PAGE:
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Simnel Cake Ice Cream

Simnel Cake ice cream

I am not religious, but I do enjoy all the major Christian holidays, chiefly because they are all held together with copious amounts of marzipan. I love marzipan. I’m that person that will eat the spare almond paste off your Royal icing when you’re defeated by Christmas cake or buy a block of it to eat slices off. And don’t get me started about those exquisite little fruits modelled from the stuff you get in posh grocers and Fortnums. I am definitely in the pro-camp.

I spend a lot of time wanting to increase the ways I can get marzipan into my life, so Easter and its siren song of Simnel cake pleases me hugely. I toyed with these mini ones from Nutmegs Seven which look light as a feather, but I’ve also been fiddling around with trying a marzipan ice cream for ages and suddenly it came together and I realised my world needed Simnel cake ice cream immediately.

You could of course bake a Simnel Cake and break it up into homemade ice cream and bob’s your uncle, but I have a deep shuddering hatred of wet cake. Things like trifle and tiramisu make me feel funny inside. So I needed something more deconstructed, but simple and I think, with this recipe, I’ve cracked it:

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Candied Peel

I love love love candied peel. I used to run to the baking cupboard and cram spoonfuls of it in my mouth when my mum wasn’t looking. It was my favourite bit of any fruitcake or barmbrack. This is especially odd since I don’t like oranges as a fruit, juice or flavouring, and generally eschew citrus fruits of all kinds. But mellow those citrus rinds in vats of sugar and it’s hypnotic to me.

An inability to read recipes a few weeks ago meant I ended up with an overabundance of grapefruits when making marmalade for cake and found myself wondering what to do with them all. A casual Twitter conversation about Christmas preparations brought about a massive lightbulb moment. I would make my own candied peel. Never mind if it was incredibly faffy and complicated: I could rise to the challenge!

Imagine my glee when this Waitrose recipe popped up and I realised candying my own peel was actually easier than pie. Radio on, sleeves rolled up, I set about peeling and de-pithing my citrus fruit. I had a mix of pomelo, ruby grapefruit, lemons and orange, but avoided limes as I thought it might be too overwhelming, like cordial.

Get four pans going on your hob and simmer the peels separately in hot water for about 20 minutes to soften them up. Then split the peels into two pots to simmer in the syrup. I actually made two batches of candied peel and found it easier to keep the peels bigger and cram less peel into the pans as they bubble and soak up the sugar. I just did two batches of the syrup to be sure nothing caught or burned. Keep the heat down low as you can, you only want the merest blip in the syrup to stop it getting bitter or caramelising. Then go off and do stuff while your house smells truly amazing…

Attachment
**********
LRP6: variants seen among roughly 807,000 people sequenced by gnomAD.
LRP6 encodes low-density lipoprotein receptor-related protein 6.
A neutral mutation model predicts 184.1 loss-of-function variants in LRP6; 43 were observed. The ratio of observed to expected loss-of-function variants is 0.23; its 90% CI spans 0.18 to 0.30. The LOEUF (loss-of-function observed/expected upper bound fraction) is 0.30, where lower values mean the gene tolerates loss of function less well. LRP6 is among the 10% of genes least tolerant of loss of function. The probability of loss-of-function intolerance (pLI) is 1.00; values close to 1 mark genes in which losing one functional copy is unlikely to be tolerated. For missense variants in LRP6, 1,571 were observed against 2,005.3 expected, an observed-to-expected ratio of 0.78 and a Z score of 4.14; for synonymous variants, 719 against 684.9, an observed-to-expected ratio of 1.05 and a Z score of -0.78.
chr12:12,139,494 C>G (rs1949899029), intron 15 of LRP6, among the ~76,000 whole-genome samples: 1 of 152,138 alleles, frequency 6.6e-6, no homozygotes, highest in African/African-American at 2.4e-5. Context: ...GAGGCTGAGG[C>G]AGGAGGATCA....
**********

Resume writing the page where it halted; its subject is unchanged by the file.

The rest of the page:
I came back to my peel when there was still a tiny bit of syrup left, and lifted the biggest pieces out with tongs, laying them on baking trays. The smaller bits went into a sieve to drip any excess syrup off, as you don’t want so much syrup on the pieces: they dry crunchy and I didn’t fancy trying to boil my pan dry and win the challenge. I then left the trayfuls of peel in the living room to dry as it was the only place I had room, but the airing cupboard or anywhere the cat can’t walk on them will do.

About three days later, I turned the peel with tongs and left for another two or three days or until I remembered about it. I popped it in a ziplock bag, with a tablespoon or so of icing sugar, and shook it up to coat it and stop it sticking together. Some went into the Christmas mincemeat. Some went into cellophane bags to give as gifts. The rest was stored in a jar to be used for various festive recipes closer to the time and the leftover syrup stored for a drizzle cake or put on porridge or ice cream.

So if you didn’t do a cake on Stir-Up Sunday, impress people with homemade candied peel instead. You will never buy one of those tiny tubs again after you’ve tasted the citrus sensation of making your own. It tastes as good as it looks!

Marmalade Cake

I haven’t thought much about marmalade for years, despite a fondness for Paddington himself, but I was given some for Christmas last year and have been pondering what to do with it since I don’t like oranges. Inspired by Oliver Thring’s recent piece on this traditional preserve in The Guardian I decided to try baking with it in place of using lemon.

A marmalade loving little bird told me that Nigel Slater had the ultimate recipe for marmalade cake and thanks to the power of online archives, I soon had my little hands on it. It had a simple list of ingredients and was part of an article about easy straightforward baking. What could go wrong? Read more

Hot Cross Buns

Hot cross buns

I don’t particularly like raisins, but I absolutely love Hot Cross Buns with a passion. As Easter treats go, I would always choose a hot cross bun over an Easter egg. This is probably because I haven’t worked out a way to put butter on a chocolate egg yet…my eyes lit up when I saw Dan Lepard’s recent recipe in the Guardian for Spiced Stout Buns as these are a grown up hot cross bun.

Luscious hot cross buns slathered in butter

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